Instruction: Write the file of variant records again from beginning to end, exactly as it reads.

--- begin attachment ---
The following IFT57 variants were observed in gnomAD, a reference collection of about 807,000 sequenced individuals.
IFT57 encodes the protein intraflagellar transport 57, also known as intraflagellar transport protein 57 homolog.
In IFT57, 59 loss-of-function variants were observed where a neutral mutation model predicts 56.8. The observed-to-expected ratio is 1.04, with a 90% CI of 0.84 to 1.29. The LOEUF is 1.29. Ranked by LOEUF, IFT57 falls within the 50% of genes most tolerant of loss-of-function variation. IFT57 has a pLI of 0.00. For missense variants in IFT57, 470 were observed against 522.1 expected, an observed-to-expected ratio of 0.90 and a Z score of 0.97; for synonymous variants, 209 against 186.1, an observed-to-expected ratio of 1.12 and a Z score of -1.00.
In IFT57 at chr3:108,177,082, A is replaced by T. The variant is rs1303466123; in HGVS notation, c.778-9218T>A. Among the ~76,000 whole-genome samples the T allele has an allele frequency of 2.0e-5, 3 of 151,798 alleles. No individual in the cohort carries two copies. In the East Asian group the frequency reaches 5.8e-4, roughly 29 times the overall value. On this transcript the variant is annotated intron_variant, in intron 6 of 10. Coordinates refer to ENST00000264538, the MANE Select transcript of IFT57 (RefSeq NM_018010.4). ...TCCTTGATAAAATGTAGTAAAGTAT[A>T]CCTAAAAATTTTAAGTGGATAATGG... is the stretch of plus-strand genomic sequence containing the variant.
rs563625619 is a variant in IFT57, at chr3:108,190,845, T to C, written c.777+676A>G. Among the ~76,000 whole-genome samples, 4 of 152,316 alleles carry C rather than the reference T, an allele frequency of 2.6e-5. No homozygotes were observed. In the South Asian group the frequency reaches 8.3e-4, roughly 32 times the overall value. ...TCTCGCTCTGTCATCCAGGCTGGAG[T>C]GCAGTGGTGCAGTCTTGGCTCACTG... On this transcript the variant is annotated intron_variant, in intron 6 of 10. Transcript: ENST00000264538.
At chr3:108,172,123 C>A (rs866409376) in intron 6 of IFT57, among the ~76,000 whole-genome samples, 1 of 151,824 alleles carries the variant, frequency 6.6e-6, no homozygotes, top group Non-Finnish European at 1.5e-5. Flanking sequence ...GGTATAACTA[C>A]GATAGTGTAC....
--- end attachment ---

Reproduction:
The following IFT57 variants were observed in gnomAD, a reference collection of about 807,000 sequenced individuals.
IFT57 encodes the protein intraflagellar transport 57, also known as intraflagellar transport protein 57 homolog.
In IFT57, 59 loss-of-function variants were observed where a neutral mutation model predicts 56.8. The observed-to-expected ratio is 1.04, with a 90% CI of 0.84 to 1.29. The LOEUF is 1.29. Ranked by LOEUF, IFT57 falls within the 50% of genes most tolerant of loss-of-function variation. IFT57 has a pLI of 0.00. For missense variants in IFT57, 470 were observed against 522.1 expected, an observed-to-expected ratio of 0.90 and a Z score of 0.97; for synonymous variants, 209 against 186.1, an observed-to-expected ratio of 1.12 and a Z score of -1.00.
In IFT57 at chr3:108,177,082, A is replaced by T. The variant is rs1303466123; in HGVS notation, c.778-9218T>A. Among the ~76,000 whole-genome samples the T allele has an allele frequency of 2.0e-5, 3 of 151,798 alleles. No individual in the cohort carries two copies. In the East Asian group the frequency reaches 5.8e-4, roughly 29 times the overall value. On this transcript the variant is annotated intron_variant, in intron 6 of 10. Coordinates refer to ENST00000264538, the MANE Select transcript of IFT57 (RefSeq NM_018010.4). ...TCCTTGATAAAATGTAGTAAAGTAT[A>T]CCTAAAAATTTTAAGTGGATAATGG... is the stretch of plus-strand genomic sequence containing the variant.
rs563625619 is a variant in IFT57, at chr3:108,190,845, T to C, written c.777+676A>G. Among the ~76,000 whole-genome samples, 4 of 152,316 alleles carry C rather than the reference T, an allele frequency of 2.6e-5. No homozygotes were observed. In the South Asian group the frequency reaches 8.3e-4, roughly 32 times the overall value. ...TCTCGCTCTGTCATCCAGGCTGGAG[T>C]GCAGTGGTGCAGTCTTGGCTCACTG... On this transcript the variant is annotated intron_variant, in intron 6 of 10. Transcript: ENST00000264538.
At chr3:108,172,123 C>A (rs866409376) in intron 6 of IFT57, among the ~76,000 whole-genome samples, 1 of 151,824 alleles carries the variant, frequency 6.6e-6, no homozygotes, top group Non-Finnish European at 1.5e-5. Flanking sequence ...GGTATAACTA[C>A]GATAGTGTAC....